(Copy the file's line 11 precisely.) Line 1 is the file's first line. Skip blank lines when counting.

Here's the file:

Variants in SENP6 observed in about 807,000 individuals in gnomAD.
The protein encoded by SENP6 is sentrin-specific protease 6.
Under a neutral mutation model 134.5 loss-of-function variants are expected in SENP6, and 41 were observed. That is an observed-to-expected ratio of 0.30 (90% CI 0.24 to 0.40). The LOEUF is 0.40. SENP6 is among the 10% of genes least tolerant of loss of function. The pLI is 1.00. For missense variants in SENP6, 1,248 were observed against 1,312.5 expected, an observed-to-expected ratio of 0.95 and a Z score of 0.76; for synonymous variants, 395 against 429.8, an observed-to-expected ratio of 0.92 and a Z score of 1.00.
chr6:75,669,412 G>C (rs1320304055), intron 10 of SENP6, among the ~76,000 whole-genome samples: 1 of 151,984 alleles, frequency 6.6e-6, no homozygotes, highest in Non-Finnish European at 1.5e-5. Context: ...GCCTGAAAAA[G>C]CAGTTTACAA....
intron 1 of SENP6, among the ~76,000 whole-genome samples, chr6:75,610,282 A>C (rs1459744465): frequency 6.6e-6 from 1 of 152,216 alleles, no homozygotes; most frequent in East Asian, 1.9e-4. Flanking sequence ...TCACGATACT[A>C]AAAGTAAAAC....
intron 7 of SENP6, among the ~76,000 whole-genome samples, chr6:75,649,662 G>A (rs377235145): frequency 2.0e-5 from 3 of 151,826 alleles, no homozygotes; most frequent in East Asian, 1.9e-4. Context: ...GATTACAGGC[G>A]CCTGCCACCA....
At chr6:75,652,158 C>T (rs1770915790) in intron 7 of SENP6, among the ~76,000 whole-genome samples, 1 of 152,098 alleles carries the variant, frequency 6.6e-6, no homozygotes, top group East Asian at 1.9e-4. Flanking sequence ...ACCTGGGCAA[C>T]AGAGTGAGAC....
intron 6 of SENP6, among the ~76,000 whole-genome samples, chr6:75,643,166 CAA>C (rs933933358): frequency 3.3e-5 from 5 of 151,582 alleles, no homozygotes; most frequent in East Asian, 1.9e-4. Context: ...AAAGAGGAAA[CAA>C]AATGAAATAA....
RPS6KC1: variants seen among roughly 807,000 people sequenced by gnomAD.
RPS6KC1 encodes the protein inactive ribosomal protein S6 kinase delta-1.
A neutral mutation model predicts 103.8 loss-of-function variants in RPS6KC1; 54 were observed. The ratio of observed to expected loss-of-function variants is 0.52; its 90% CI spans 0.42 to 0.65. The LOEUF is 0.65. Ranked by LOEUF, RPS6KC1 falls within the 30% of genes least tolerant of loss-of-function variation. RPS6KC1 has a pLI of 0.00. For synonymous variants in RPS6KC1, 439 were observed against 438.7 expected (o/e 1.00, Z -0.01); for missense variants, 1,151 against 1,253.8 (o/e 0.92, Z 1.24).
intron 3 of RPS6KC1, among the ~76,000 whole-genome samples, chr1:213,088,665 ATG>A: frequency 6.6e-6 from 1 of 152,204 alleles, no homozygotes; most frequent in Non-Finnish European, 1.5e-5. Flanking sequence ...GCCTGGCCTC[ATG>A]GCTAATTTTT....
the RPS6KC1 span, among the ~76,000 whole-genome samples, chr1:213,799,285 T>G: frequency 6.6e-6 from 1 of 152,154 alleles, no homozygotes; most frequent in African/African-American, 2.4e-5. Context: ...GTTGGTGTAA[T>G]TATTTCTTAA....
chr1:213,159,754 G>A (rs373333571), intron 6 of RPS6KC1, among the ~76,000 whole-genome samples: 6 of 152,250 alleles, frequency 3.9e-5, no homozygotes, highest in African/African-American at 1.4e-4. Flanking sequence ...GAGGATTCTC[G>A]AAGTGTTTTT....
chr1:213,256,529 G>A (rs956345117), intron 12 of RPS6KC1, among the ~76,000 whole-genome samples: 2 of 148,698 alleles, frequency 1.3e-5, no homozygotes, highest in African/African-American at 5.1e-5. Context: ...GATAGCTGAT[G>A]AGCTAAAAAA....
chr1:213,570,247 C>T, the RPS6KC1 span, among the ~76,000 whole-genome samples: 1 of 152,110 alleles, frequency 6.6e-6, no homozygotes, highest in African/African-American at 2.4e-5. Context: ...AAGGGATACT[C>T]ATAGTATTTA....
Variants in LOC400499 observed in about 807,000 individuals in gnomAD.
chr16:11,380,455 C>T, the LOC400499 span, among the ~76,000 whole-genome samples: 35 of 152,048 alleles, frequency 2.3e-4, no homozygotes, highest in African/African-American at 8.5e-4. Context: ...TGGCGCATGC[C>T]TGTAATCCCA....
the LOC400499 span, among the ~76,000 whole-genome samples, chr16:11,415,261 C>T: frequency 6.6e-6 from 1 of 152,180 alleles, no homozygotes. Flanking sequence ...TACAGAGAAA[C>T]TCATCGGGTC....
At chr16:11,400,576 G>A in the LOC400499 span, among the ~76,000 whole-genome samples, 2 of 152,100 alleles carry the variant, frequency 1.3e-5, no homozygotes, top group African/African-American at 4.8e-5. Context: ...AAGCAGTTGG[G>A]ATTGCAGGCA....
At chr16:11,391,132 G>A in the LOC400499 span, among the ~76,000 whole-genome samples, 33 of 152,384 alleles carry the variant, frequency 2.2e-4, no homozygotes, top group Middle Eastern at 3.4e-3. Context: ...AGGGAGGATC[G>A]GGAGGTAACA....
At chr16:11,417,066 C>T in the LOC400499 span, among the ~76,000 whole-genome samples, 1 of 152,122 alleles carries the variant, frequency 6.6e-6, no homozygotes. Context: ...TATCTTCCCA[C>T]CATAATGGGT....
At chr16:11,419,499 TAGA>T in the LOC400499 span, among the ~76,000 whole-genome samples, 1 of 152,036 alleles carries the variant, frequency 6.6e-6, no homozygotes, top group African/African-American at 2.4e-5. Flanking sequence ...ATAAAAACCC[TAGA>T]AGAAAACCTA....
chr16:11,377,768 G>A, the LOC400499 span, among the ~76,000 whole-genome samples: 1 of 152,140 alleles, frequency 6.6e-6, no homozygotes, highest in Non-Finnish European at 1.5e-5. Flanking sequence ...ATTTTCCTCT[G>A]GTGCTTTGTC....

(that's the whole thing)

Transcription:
A neutral mutation model predicts 103.8 loss-of-function variants in RPS6KC1; 54 were observed. The ratio of observed to expected loss-of-function variants is 0.52; its 90% CI spans 0.42 to 0.65. The LOEUF is 0.65. Ranked by LOEUF, RPS6KC1 falls within the 30% of genes least tolerant of loss-of-function variation. RPS6KC1 has a pLI of 0.00. For synonymous variants in RPS6KC1, 439 were observed against 438.7 expected (o/e 1.00, Z -0.01); for missense variants, 1,151 against 1,253.8 (o/e 0.92, Z 1.24).